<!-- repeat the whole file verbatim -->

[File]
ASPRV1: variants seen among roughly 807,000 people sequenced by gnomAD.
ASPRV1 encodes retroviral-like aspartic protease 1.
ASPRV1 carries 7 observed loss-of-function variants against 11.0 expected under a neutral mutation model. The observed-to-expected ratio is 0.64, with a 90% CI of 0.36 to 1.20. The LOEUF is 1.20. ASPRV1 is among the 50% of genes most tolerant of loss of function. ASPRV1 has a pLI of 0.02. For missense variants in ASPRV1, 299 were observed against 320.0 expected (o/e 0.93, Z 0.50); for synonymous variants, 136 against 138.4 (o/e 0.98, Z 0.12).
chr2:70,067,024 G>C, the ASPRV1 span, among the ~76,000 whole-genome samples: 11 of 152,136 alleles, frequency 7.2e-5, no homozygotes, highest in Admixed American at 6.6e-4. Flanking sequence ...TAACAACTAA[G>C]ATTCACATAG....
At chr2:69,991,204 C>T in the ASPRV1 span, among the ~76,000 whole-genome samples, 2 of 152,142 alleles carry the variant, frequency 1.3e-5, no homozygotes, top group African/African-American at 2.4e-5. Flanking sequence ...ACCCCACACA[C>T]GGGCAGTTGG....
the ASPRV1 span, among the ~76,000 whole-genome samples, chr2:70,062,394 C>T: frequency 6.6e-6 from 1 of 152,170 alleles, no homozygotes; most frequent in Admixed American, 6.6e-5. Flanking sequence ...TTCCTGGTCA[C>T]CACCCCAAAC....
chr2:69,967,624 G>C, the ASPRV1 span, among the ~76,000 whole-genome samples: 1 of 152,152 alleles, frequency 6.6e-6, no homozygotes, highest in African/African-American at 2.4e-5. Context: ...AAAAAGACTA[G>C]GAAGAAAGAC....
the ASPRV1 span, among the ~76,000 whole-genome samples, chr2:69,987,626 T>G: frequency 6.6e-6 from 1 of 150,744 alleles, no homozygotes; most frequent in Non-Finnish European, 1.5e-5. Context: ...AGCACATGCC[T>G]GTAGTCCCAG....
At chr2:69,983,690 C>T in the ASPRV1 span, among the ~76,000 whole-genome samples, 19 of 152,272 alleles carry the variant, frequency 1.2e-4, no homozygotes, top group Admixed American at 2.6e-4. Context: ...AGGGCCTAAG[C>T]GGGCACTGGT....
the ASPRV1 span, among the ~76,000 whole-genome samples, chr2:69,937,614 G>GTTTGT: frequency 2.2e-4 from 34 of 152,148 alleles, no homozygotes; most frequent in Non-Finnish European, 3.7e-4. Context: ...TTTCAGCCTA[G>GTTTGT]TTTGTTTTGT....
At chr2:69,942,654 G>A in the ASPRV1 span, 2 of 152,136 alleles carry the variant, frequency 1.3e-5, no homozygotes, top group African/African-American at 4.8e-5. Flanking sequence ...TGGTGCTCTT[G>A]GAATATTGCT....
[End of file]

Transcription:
ASPRV1: variants seen among roughly 807,000 people sequenced by gnomAD.
ASPRV1 encodes retroviral-like aspartic protease 1.
ASPRV1 carries 7 observed loss-of-function variants against 11.0 expected under a neutral mutation model. The observed-to-expected ratio is 0.64, with a 90% CI of 0.36 to 1.20. The LOEUF is 1.20. ASPRV1 is among the 50% of genes most tolerant of loss of function. ASPRV1 has a pLI of 0.02. For missense variants in ASPRV1, 299 were observed against 320.0 expected (o/e 0.93, Z 0.50); for synonymous variants, 136 against 138.4 (o/e 0.98, Z 0.12).
chr2:70,067,024 G>C, the ASPRV1 span, among the ~76,000 whole-genome samples: 11 of 152,136 alleles, frequency 7.2e-5, no homozygotes, highest in Admixed American at 6.6e-4. Flanking sequence ...TAACAACTAA[G>C]ATTCACATAG....
At chr2:69,991,204 C>T in the ASPRV1 span, among the ~76,000 whole-genome samples, 2 of 152,142 alleles carry the variant, frequency 1.3e-5, no homozygotes, top group African/African-American at 2.4e-5. Flanking sequence ...ACCCCACACA[C>T]GGGCAGTTGG....
the ASPRV1 span, among the ~76,000 whole-genome samples, chr2:70,062,394 C>T: frequency 6.6e-6 from 1 of 152,170 alleles, no homozygotes; most frequent in Admixed American, 6.6e-5. Flanking sequence ...TTCCTGGTCA[C>T]CACCCCAAAC....
chr2:69,967,624 G>C, the ASPRV1 span, among the ~76,000 whole-genome samples: 1 of 152,152 alleles, frequency 6.6e-6, no homozygotes, highest in African/African-American at 2.4e-5. Context: ...AAAAAGACTA[G>C]GAAGAAAGAC....
the ASPRV1 span, among the ~76,000 whole-genome samples, chr2:69,987,626 T>G: frequency 6.6e-6 from 1 of 150,744 alleles, no homozygotes; most frequent in Non-Finnish European, 1.5e-5. Context: ...AGCACATGCC[T>G]GTAGTCCCAG....
At chr2:69,983,690 C>T in the ASPRV1 span, among the ~76,000 whole-genome samples, 19 of 152,272 alleles carry the variant, frequency 1.2e-4, no homozygotes, top group Admixed American at 2.6e-4. Context: ...AGGGCCTAAG[C>T]GGGCACTGGT....
the ASPRV1 span, among the ~76,000 whole-genome samples, chr2:69,937,614 G>GTTTGT: frequency 2.2e-4 from 34 of 152,148 alleles, no homozygotes; most frequent in Non-Finnish European, 3.7e-4. Context: ...TTTCAGCCTA[G>GTTTGT]TTTGTTTTGT....
At chr2:69,942,654 G>A in the ASPRV1 span, 2 of 152,136 alleles carry the variant, frequency 1.3e-5, no homozygotes, top group African/African-American at 4.8e-5. Flanking sequence ...TGGTGCTCTT[G>A]GAATATTGCT....